[foms] What data is needed for adaptive stream switching?

Mark Watson watsonm at netflix.com
Tue Nov 30 14:47:03 PST 2010

On Nov 29, 2010, at 8:05 AM, Frank Galligan wrote:

On Tue, Nov 23, 2010 at 4:24 PM, Chris Pearce <chris at pearce.org.nz<mailto:chris at pearce.org.nz>> wrote:
Thanks for explaining Mark. Much appreciated.

On 24/11/2010 6:51 a.m., Mark Watson wrote:
> This is where there is scope for experimentation. What I think would be great is to define an API which can indicate these decision points, provide the two data sets (past incoming bandwidth) and (future bitrate of each stream) at some sufficient level of generality and indicate back the decision. Then we can experiment with more and less complex input data and more and less complex decision algorithms.

So in terms of what changes to browsers we'd need to make to start
experimenting, we'd need to resurrect the @bufferedBytes attribute, add
a @currentOffset attribute, and add some way for JS to access the
RAP/keyframe index?
I'm not sure what exposing the RAP to the JS for each stream buys you over just having a simple switch stream api. Let me back up a bit.

At a high level I think we want the media pipeline to expose information about the current presentation to the player through a script interface. Then the player can make decisions about what stream the media pipeline should be rendering. The decisions made by the player are it's best guess so the media pipeline will not stall for any reason. We want to do this because trying to define an algorithm that all default players must implement is going to be extremely hard. This is my view from reading over the posts on this list.

So to me I don't think that a JS player really cares that the media pipeline switches to stream N at byte offset X (of course the media pipeline does). All the player cares about is that the media pipeline switch to stream N as soon as possible. I.E. The player decides that the CPU load is too great and wants to switch to a lower resolution as soon as possible seamlessly. Or the player decides that the bandwidth looks high enough that it would like to switch to a higher bandwidth stream as soon as possible seamlessly.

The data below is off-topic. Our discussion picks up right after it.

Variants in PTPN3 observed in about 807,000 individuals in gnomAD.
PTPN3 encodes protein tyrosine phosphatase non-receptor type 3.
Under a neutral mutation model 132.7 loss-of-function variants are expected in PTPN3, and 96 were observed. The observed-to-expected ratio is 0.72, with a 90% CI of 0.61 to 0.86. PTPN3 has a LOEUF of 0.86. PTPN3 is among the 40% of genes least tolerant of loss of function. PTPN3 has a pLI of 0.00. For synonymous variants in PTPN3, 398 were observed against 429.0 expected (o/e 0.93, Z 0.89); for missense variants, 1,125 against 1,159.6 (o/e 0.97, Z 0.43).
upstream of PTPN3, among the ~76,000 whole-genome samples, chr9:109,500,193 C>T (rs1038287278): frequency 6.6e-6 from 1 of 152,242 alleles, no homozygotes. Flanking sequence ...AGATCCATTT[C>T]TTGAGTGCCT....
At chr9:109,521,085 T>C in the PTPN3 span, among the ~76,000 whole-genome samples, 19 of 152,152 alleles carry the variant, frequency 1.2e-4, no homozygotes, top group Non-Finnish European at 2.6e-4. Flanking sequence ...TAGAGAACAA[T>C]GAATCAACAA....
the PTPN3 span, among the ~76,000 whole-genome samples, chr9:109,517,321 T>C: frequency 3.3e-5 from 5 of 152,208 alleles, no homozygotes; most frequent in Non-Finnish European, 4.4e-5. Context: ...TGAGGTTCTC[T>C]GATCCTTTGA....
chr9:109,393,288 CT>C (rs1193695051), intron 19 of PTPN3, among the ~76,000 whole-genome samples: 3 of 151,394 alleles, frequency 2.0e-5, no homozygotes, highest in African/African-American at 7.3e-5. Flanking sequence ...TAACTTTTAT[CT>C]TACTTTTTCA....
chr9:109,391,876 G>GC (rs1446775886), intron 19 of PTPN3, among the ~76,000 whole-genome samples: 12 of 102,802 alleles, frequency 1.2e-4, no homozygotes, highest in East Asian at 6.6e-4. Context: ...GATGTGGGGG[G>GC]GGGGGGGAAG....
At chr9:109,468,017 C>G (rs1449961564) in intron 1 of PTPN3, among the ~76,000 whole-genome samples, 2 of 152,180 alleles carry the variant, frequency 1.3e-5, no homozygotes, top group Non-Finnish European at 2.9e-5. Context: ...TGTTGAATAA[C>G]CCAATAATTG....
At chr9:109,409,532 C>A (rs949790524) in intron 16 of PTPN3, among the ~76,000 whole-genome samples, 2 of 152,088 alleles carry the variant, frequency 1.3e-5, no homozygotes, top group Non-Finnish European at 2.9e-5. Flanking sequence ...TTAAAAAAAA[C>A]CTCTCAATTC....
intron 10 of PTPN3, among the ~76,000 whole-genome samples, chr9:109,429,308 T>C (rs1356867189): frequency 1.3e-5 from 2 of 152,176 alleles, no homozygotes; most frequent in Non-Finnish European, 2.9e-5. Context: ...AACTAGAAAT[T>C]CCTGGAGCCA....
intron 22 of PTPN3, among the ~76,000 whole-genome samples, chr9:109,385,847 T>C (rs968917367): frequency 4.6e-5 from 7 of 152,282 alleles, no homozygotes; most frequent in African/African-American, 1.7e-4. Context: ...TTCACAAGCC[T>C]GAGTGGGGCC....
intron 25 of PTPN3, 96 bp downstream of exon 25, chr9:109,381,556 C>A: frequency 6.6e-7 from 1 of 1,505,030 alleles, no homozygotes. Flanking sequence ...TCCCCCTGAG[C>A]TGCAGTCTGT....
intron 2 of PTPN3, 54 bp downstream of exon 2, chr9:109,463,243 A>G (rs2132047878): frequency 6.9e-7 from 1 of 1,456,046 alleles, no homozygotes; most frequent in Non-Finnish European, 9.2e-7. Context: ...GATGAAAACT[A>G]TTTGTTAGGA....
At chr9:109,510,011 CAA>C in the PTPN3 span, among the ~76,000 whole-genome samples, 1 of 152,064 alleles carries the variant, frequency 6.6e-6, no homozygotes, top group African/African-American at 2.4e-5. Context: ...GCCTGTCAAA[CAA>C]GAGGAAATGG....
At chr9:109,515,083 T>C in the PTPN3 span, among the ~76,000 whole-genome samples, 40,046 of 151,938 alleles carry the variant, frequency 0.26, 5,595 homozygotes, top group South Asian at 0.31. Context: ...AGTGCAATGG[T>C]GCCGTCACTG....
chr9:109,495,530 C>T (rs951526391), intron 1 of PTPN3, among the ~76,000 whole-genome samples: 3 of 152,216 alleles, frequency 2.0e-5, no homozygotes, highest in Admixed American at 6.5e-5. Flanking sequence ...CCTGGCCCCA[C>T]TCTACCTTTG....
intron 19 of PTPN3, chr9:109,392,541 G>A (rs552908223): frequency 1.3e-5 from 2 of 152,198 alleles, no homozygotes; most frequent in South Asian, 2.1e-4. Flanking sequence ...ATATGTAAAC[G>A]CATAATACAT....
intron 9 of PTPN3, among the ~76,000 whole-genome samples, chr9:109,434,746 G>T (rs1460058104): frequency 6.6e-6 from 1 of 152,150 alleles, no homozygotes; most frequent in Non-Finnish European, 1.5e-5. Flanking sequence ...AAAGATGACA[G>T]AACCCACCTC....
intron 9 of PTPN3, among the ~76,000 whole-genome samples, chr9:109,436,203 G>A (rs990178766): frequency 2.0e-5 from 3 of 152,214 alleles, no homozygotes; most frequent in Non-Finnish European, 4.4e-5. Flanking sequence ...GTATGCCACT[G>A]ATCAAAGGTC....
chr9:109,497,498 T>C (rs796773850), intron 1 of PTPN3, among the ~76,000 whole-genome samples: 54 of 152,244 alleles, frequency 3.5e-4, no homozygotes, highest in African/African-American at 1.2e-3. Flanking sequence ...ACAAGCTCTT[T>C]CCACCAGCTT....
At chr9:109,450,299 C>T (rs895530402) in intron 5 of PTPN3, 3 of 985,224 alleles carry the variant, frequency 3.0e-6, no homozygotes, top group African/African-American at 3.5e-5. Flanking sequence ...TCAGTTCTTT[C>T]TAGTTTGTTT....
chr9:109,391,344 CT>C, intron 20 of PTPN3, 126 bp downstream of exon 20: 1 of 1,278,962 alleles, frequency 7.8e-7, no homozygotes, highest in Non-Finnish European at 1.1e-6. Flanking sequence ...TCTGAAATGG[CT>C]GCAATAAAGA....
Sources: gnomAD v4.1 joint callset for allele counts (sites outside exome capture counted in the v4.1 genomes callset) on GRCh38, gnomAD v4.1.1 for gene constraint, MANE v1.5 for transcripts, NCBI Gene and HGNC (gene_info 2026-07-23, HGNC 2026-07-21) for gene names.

I think having an API that is SwitchTo(index, discontinuous); should be good enough for now. (I added a discontinuous parameter in case the player wanted to switch and didn't care about it being seamless.) Are there any reasons we need to expose RAPs to the player?

The problem if you make the information exposed to the JS layer too simple is that you end up with essentially only one adaptation algorithm (compare incoming bandwidth to stream rates) and then there is no scope for experimentation.

On the other hand, I agree that it could easily be made too complex.

So the question is how "precise" do we expect the adaptation algorithms at the JS level to be ? Exposing the switch points is of interest if you expect the JS algorithm to be making quite precise decisions based on the current amount of received data, remaining distance to the next switch point and precise VBR profile of the streams going forward.

I can think of a corner case, but I don't think the added complexity to the interface and to the player developer is worth it. The case I'm thinking of is the player wants to switch to a lower bandwidth stream but stream N which the player wants to switch to doesn't have a RAP for 10 seconds while stream N-1, which has bandwidth < stream N, has a RAP 2 seconds out. If people felt strongly about handling this case we could expose an API like SwitchDown(attribute); Then there would also be an API call that can control the heuristics if the media pipeline had to switch to another stream with a lower value attribute than the desired stream.

I'm not sure it's a corner case. Even if I have switch points every 2s if my bandwidth drops by 50% then it could be as much as 4s to receive enough data to get to the next switch point. I probably need to account for this and I may choose an even lower stream rate than otherwise to avoid a stall.

Maybe we should add the @bufferedBytes data into
@buffered, so you can easily map buffered time ranges to byte ranges? I
guess these would have to be per-stream if we're playing multiple
independent streams.

Or would you prefer an explicit download bandwidth and a per stream
bitrate measure, calculated by the browser, over a specified time window?

In terms of an API which can indicate decision points, maybe an event
which fires when playback enters a new chunk? Or fires when the download
of a chunk finishes? Be aware we can't guarantee that any DOM events
which we fire will arrive in a particularly timely manner, there could
be any number of other things going on with the event queue.
This is another reason that I think a higher level API for the player is better.

Is there a direct mapping between a keyframe index and RAP points? What
about audio streams in containers which don't index audio? Particularly
in the case where we're playing multiple independent streams.
For WebM I wrote a tool that would create an index file for an audio stream.


Chris P.

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